What is Family-Based Immigration

Immediate Family Members

US Immigration law promotes family unity by allowing US citizens and lawful permanent residents to petition certain family members to immigrate and
permanently stay in the US.  Family-based immigration is one of the most common ways for individuals to apply for immigration benefits. If your family members want to stay in the U.S. permanently, they need green cards.

Family-based immigration can be confusing and complex. Our immigration lawyer can work with you to help you understand the process, explain your options., and help you with the application process.

Six main factors influence how long it takes to get a family-based green card:

  1. Whether the sponsor is a US citizen or lawful permanent resident
  2. The type of familial relationship between the sponsor and the relative
  3. Country of citizenship of the relative immigrant
  4. Where the relative immigrant is applying for a green card – from within or outside the U.S.
  5. The proper submission of forms and information to U.S. Citizenship and Immigration Services (USCIS)
  6. USCIS backlogs

Type of Family Relationship

There are two major groups of family-based immigrants: Immediate Relatives and family preference relatives. When a U.S. citizen or permanent resident petitions (sponsors) a family member, the immigrant falls into one of these two categories. The categories define eligibility requirements and the priority that the immigrant will receive in obtaining a green card.

If you want to sponsor a relative to live permanently in the US in the immediate relative category, you must be a U.S. citizen and have one of the following types of familial relationships to your relative:

  1. Spouse of a U.S. Citizen – please see our Marriage Immigration blog here
  2. Unmarried children under the age of 21 of a US citizen, including adopted children
  3. Parent of a US citizen who is 21 years old or older

Advantages for Immediate Relatives

Immediate relatives may enjoy some advantages over preference relatives:

  • There is no cap or limit on the number of visas available to immediate relatives. This means you can file petitions for each of your immediate relatives, and they won’t have to wait for a visa to become available to apply for the green card.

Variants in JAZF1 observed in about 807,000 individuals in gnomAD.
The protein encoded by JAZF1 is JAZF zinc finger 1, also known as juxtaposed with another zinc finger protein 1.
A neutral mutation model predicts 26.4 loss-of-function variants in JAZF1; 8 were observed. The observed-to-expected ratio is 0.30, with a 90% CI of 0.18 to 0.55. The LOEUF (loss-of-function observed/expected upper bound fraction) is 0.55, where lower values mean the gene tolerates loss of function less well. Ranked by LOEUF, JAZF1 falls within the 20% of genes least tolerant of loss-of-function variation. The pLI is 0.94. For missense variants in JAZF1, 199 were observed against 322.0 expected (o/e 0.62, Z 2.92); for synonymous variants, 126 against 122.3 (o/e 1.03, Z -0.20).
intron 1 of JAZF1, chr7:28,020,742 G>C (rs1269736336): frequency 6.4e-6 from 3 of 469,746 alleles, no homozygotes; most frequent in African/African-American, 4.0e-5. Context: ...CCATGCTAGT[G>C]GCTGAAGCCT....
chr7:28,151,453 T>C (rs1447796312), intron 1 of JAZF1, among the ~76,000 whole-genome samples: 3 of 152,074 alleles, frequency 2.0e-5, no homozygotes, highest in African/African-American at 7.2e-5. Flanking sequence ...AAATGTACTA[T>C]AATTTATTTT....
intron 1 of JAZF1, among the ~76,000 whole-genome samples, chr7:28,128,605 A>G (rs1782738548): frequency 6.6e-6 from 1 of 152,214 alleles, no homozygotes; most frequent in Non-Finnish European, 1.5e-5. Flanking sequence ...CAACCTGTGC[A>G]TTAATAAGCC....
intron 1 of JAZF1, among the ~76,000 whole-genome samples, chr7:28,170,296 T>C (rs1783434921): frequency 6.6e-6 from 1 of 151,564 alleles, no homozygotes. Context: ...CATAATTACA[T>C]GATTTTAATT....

• As long as your immediate relative has entered the U.S. legally, they are exempt from certain ineligibilities, such as accepting employment without authorization, overstaying their visas, or not being in a lawful immigration status at the time they apply for their green card. Any one of these ineligibilities can prevent approval of a green card for other categories of immigrants.
  • The USCIS processing times may be shorter for immediate relatives. You can check estimated processing times by going to the US Citizenship and Immigration Services processing times page at https://egov.uscis.gov/processing-times/  and selecting form I-130 to start.


  • You must be a U.S. citizen to petition for an immediate family member and file Form I-130 for each relative.
  • You must prove your relationship with the immediate family member with documentation. When filing Form I-130, you must provide an official birth certificate to establish biological relationships or an official marriage certificate to establish a marital relationship. Spouses must also prove that the marriage is bona fide (not entered into primarily for getting a green card).
  • As a U.S. citizen, you file the I-130 to start the process, but the immediate relative is responsible for applying for the green card. The relative can apply in one of two ways:
    • Consular processing: obtaining an immigrant visa (green card) from outside the U.S. at a U.S. embassy or consulate. This is the only option if the family member is physically outside the United States. This is done by filing form DS-260 with the US embassy or consulate.
    • Adjustment of status: the process where a non-immigrant (e.g., student, tourist, etc.) adjusts status to a permanent resident from inside the United States. In other words, if the immediate relative is already in the U.S. on a temporary visa, they may “adjust status” to permanent resident even if their temporary visa is no longer valid. This is done by filing Form I-485 with USCIS and can be filed at the same time (concurrently) as Form I-130. You must also prepare and submit Form I-864, Affidavit of Support, promising that you can financially support your relative so that they do not need to rely on the U.S. government for financial support. To qualify, you must show an income of at least 125% of the federal poverty guidelines. For example, in 2023, your annual gross income would be at least $37,50 for a family of four. If your income does not meet the requirements, additional sponsors or a joint sponsor may be needed.

MyImmigration is Here to Help

We help you quickly and easily prepare the correct forms and give you peace of mind that everything is done smoothly and accurately. For more information about obtaining immigration for immediate relatives, you can schedule a consultation here.

You can get started with your applications by clicking here.